CNN's Gergen: Obama Speech Echoes Martin Luther King, Abe Lincoln

"Change We Can Believe In" is the new "I Have a Dream," that is, if you ask the crew at CNN.

During Tuesday’s live election coverage, CNN reporters and analysts gushed over Barack Obama’s speech, comparing it to those of Martin Luther King and Abraham Lincoln as well as praising Obama for his graciousness towards Hillary Clinton.

Leading up to Obama’s speech, Anderson Cooper announced: "An extraordinary moment for Barack Obama, for his wife, Michelle Obama, for all of those supporters, not only gathered in that, in that stadium tonight, but people watching around the country, even those who may not support Barack Obama certainly taking this moment to reflect on the historic nature of what is happening on this evening."

After Obama’s speech, Cooper gushed:

"For Barack Obama and his family, truly a remarkable evening. In the hall in St. Paul, Minnesota, where a few months from now the Republicans will gather, Barack Obama surrounded by a crowd of some 20,000 people, listening in rapt attention to his words, cheering him on throughout. 'This is the moment, this is our time,' he repeatedly said. Earlier, talking about John McCain's comments earlier, he said, 'I respect his accomplishments,' talking about John McCain, 'even if he chooses to deny mine.'"

CNN political analyst and former Bill Clinton staffer David Gergen praised Obama’s public speaking abilities and compared this speech to those of Martin Luther King and Abraham Lincoln:

"We haven't had a speaker publicly speak this well since Reagan. There are echoes, obviously, of Martin Luther King in this speech. There are echoes of Lincoln in this speech. Bill Clinton could give a heck of a speech. I think Barack Obama may be even a better speaker.” Gergen also said, “[T]his was a night, the last night until September, when the Republican candidate and the Democratic candidate are going to be on national television on the same night, being seen by everybody. And I think there's no question that Barack Obama gave a better speech."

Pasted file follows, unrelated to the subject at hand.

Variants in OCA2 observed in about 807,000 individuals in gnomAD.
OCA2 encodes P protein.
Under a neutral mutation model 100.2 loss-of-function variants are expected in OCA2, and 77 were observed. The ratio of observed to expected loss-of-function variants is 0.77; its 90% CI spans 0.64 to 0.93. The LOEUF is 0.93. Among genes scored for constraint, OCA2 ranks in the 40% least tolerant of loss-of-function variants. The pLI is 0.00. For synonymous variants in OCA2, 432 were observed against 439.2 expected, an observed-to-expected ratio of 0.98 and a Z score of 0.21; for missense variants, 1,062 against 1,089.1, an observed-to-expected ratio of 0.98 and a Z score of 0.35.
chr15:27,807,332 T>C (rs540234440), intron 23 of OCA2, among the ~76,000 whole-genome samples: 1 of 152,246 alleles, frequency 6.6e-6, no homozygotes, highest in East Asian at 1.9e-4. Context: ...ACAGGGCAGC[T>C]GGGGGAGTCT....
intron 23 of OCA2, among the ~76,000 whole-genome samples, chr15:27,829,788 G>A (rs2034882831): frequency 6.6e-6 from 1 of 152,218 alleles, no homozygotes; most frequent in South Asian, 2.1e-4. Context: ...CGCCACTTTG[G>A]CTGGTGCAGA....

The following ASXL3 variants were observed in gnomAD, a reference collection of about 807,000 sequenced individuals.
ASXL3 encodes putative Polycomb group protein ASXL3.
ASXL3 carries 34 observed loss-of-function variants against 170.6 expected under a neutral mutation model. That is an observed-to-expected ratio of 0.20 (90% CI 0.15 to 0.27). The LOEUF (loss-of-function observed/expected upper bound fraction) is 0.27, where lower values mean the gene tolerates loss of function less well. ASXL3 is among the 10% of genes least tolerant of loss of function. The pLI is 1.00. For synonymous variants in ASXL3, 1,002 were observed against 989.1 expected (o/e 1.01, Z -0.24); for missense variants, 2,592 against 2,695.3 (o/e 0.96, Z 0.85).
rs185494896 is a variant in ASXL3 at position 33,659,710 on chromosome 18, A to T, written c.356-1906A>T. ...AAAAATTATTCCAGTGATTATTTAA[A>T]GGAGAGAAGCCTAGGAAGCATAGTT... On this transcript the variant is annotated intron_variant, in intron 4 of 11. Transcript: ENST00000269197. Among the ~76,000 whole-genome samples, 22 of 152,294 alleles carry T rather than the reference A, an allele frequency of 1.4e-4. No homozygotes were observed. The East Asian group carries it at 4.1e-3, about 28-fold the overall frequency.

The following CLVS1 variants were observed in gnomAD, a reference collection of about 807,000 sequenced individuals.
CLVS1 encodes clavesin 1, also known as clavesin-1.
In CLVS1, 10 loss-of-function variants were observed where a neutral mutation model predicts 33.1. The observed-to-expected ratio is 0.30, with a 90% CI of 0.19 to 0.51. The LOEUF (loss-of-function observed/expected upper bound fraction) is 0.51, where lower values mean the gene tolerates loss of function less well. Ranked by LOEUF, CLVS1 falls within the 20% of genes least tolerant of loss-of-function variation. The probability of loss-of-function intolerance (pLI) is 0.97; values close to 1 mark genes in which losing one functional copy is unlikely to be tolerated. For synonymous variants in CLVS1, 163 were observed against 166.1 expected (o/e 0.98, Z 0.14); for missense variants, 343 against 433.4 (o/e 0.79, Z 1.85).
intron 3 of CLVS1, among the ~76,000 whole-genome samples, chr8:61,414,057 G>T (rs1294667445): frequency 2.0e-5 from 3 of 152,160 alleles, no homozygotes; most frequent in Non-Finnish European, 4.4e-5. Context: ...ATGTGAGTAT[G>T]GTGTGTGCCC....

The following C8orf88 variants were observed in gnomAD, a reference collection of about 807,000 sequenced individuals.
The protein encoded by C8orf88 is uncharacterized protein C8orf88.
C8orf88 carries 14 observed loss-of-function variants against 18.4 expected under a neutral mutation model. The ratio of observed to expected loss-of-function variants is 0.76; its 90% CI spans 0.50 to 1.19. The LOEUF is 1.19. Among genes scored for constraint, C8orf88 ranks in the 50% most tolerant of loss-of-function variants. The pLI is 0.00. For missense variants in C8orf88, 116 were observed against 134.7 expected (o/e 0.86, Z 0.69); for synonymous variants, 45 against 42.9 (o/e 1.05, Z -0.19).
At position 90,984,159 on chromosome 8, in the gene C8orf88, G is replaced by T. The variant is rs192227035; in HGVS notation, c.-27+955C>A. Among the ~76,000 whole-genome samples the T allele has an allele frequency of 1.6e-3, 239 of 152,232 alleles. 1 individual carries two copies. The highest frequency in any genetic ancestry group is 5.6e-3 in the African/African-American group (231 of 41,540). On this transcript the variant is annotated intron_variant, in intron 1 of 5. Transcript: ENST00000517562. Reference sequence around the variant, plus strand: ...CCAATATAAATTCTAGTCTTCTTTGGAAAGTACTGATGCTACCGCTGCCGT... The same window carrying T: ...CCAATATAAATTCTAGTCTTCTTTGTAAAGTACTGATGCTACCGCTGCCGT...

CNN reporters also praised Obama for his "graciousness" towards Hillary Clinton. Cooper claimed Obama went "beyond just boilerplate thanking [Clinton], really making a huge effort to, to praise her, her role in this campaign, her role in history." Gloria Borger, another CNN political analyst, continued this theme by saying, "And I just want to make a point about what he said about Hillary Clinton. I mean, he was incredibly gracious to Hillary Clinton, talking about her strength and her courage and her commitment to the causes that brought us here tonight." Later, CNN White House correspondent Suzanne Malveaux added, "He really gave and recognized that it was Hillary Clinton that was breaking a barrier for women."